Jon Russell was Asia Editor for The Next Web from 2011 to 2014. Originally from the UK, he lives in Bangkok, Thailand. You can find him on T Jon Russell was Asia Editor for The Next Web from 2011 to 2014. Originally from the UK, he lives in Bangkok, Thailand. You can find him on Twitter, Angel List, LinkedIn.
Apple may have just landed a $1 billion plus blow on Samsung but the Cupertino-based company has been less successful in Japan, where a judge ruled against a patent lawsuit it took out against its Korean rival.
Bloomberg reports that Tokyo District Judge Tamotsu Shoji ruled that Samsung’s Galaxy smartphones and one of its tablet do not breach an Apple patent related to the synchronising music and video data in devices to servers.
Apple’s momentous victory over Samsung last week in California has not been matched in Asia and, hours before the US jury delivered its verdict, a Korean reached a split decision on a patent trial relating to older devices from both companies.
Both Apple and Samsung were adjudged to have infringed each others patents, but the fines dished out were far less significant, reaching just tens of thousands of dollars.
Following the decision, Apple must cease selling the iPhone 3GS, iPhone 4, its first-generation iPad and the iPad 2 in Korea. Samsung saw 12 devices banned but, like Apple, the phones in question are out-dated and no longer sold in the country.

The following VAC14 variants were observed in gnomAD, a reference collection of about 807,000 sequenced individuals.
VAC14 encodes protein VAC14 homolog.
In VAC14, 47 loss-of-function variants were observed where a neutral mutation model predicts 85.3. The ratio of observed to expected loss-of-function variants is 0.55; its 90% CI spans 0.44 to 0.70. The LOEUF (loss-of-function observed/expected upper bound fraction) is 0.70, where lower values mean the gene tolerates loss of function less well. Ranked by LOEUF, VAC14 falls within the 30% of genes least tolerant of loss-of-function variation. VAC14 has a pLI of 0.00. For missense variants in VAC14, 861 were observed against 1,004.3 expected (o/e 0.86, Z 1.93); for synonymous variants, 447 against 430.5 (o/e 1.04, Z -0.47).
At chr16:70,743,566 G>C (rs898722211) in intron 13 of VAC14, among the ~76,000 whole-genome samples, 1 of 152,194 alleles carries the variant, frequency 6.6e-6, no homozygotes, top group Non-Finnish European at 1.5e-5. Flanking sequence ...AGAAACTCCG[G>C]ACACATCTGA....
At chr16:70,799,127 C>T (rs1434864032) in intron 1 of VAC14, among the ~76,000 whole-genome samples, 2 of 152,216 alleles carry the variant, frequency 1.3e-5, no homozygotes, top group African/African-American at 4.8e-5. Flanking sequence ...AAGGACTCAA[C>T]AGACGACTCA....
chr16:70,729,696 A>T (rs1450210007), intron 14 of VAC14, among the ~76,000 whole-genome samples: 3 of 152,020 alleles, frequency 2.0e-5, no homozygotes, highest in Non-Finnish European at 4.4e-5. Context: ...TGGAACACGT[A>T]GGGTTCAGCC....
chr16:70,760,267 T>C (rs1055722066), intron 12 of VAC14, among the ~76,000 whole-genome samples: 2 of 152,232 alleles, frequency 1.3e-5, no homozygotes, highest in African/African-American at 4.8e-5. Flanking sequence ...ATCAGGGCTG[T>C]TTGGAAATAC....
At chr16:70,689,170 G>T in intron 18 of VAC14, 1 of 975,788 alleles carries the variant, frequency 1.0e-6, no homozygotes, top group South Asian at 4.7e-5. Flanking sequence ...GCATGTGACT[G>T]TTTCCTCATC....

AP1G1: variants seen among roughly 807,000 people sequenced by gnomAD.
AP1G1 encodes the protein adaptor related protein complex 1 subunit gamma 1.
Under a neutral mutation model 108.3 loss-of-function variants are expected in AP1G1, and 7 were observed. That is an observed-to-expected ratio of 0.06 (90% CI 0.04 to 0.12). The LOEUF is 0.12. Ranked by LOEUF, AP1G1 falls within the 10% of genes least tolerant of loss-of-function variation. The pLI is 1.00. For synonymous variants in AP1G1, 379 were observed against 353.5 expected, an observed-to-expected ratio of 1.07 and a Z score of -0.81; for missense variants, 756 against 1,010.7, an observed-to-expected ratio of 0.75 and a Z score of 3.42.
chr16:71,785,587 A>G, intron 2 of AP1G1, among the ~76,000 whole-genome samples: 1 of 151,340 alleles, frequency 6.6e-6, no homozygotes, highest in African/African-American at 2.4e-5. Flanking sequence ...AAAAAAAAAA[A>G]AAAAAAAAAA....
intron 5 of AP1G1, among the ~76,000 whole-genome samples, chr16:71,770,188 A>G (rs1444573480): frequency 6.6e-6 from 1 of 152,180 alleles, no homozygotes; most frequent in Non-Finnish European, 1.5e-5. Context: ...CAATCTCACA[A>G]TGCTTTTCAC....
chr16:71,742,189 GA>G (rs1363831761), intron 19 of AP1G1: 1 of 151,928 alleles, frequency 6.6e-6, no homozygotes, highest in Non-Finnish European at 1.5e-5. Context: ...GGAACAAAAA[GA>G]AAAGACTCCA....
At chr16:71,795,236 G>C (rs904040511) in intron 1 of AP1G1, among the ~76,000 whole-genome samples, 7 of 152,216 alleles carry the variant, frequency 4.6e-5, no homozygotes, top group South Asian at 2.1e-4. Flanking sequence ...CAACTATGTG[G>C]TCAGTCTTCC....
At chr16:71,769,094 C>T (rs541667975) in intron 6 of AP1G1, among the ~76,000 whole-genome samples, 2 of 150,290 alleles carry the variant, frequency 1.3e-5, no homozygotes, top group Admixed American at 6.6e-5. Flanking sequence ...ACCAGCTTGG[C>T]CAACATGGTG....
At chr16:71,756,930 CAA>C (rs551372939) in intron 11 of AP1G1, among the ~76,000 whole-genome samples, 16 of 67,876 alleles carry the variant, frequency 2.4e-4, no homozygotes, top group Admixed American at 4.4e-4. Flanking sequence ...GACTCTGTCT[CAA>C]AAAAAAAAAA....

The ramifications of the US ruling are far more significant and Apple is looking to band the sale of eight Samsung devices there. Things will become clearer at the injunction hearing, which was planned for September but has now been moved to December 6, but Samsung is forging ahead with plans to dissolve an existing injunction on its Galaxy Tab 10.1 tablet – which was ruled innocent in the verdict.
In a memo to employees, Apple CEO Tim Cook called its lawsuit against Samsung a matter of “values” and noted that evidence showed its rival’s copying had actually gone farther than originally suspected. In its defense, Samsung published an internal memo saying that it, unlike Apple, is prioritizing innovation over litigation.
Google, meanwhile, distanced itself from the case, saying that “most” of the patents in question did not related to Android’s core.
Image via Flickr / bestboyzde
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